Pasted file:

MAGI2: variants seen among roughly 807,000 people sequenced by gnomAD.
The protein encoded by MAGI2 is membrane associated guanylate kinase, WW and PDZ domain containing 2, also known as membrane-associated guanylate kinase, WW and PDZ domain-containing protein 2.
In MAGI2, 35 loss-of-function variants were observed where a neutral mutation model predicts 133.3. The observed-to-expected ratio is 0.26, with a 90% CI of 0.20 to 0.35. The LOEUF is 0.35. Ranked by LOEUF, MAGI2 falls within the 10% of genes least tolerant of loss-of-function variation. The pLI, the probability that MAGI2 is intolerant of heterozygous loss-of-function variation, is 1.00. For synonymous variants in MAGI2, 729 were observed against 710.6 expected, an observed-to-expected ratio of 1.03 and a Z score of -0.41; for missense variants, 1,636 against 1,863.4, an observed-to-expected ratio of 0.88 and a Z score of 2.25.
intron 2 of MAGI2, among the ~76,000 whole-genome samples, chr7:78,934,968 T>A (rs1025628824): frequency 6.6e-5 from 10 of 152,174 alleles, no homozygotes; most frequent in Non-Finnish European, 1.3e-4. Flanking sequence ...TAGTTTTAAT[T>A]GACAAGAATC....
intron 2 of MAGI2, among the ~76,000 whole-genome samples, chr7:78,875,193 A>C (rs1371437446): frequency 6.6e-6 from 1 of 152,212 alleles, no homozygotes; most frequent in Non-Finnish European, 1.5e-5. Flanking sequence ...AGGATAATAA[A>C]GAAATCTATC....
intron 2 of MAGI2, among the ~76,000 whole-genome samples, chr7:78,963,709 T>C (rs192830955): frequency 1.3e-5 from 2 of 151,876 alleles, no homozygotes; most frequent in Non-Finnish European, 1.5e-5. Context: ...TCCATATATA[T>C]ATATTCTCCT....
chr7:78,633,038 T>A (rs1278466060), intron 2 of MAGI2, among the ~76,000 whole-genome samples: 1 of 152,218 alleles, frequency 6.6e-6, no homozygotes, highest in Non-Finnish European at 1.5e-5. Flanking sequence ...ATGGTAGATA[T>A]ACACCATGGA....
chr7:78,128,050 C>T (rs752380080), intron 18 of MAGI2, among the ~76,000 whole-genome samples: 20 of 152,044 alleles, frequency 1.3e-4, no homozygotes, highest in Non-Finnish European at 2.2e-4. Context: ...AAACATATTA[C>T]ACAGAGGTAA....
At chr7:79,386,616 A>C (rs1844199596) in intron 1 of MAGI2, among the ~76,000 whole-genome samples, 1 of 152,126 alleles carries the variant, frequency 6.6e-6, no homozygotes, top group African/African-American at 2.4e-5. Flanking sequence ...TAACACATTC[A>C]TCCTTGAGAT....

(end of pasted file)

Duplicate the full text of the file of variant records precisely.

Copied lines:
MAGI2: variants seen among roughly 807,000 people sequenced by gnomAD.
The protein encoded by MAGI2 is membrane associated guanylate kinase, WW and PDZ domain containing 2, also known as membrane-associated guanylate kinase, WW and PDZ domain-containing protein 2.
In MAGI2, 35 loss-of-function variants were observed where a neutral mutation model predicts 133.3. The observed-to-expected ratio is 0.26, with a 90% CI of 0.20 to 0.35. The LOEUF is 0.35. Ranked by LOEUF, MAGI2 falls within the 10% of genes least tolerant of loss-of-function variation. The pLI, the probability that MAGI2 is intolerant of heterozygous loss-of-function variation, is 1.00. For synonymous variants in MAGI2, 729 were observed against 710.6 expected, an observed-to-expected ratio of 1.03 and a Z score of -0.41; for missense variants, 1,636 against 1,863.4, an observed-to-expected ratio of 0.88 and a Z score of 2.25.
intron 2 of MAGI2, among the ~76,000 whole-genome samples, chr7:78,934,968 T>A (rs1025628824): frequency 6.6e-5 from 10 of 152,174 alleles, no homozygotes; most frequent in Non-Finnish European, 1.3e-4. Flanking sequence ...TAGTTTTAAT[T>A]GACAAGAATC....
intron 2 of MAGI2, among the ~76,000 whole-genome samples, chr7:78,875,193 A>C (rs1371437446): frequency 6.6e-6 from 1 of 152,212 alleles, no homozygotes; most frequent in Non-Finnish European, 1.5e-5. Flanking sequence ...AGGATAATAA[A>C]GAAATCTATC....
intron 2 of MAGI2, among the ~76,000 whole-genome samples, chr7:78,963,709 T>C (rs192830955): frequency 1.3e-5 from 2 of 151,876 alleles, no homozygotes; most frequent in Non-Finnish European, 1.5e-5. Context: ...TCCATATATA[T>C]ATATTCTCCT....
chr7:78,633,038 T>A (rs1278466060), intron 2 of MAGI2, among the ~76,000 whole-genome samples: 1 of 152,218 alleles, frequency 6.6e-6, no homozygotes, highest in Non-Finnish European at 1.5e-5. Flanking sequence ...ATGGTAGATA[T>A]ACACCATGGA....
chr7:78,128,050 C>T (rs752380080), intron 18 of MAGI2, among the ~76,000 whole-genome samples: 20 of 152,044 alleles, frequency 1.3e-4, no homozygotes, highest in Non-Finnish European at 2.2e-4. Context: ...AAACATATTA[C>T]ACAGAGGTAA....
At chr7:79,386,616 A>C (rs1844199596) in intron 1 of MAGI2, among the ~76,000 whole-genome samples, 1 of 152,126 alleles carries the variant, frequency 6.6e-6, no homozygotes, top group African/African-American at 2.4e-5. Flanking sequence ...TAACACATTC[A>C]TCCTTGAGAT....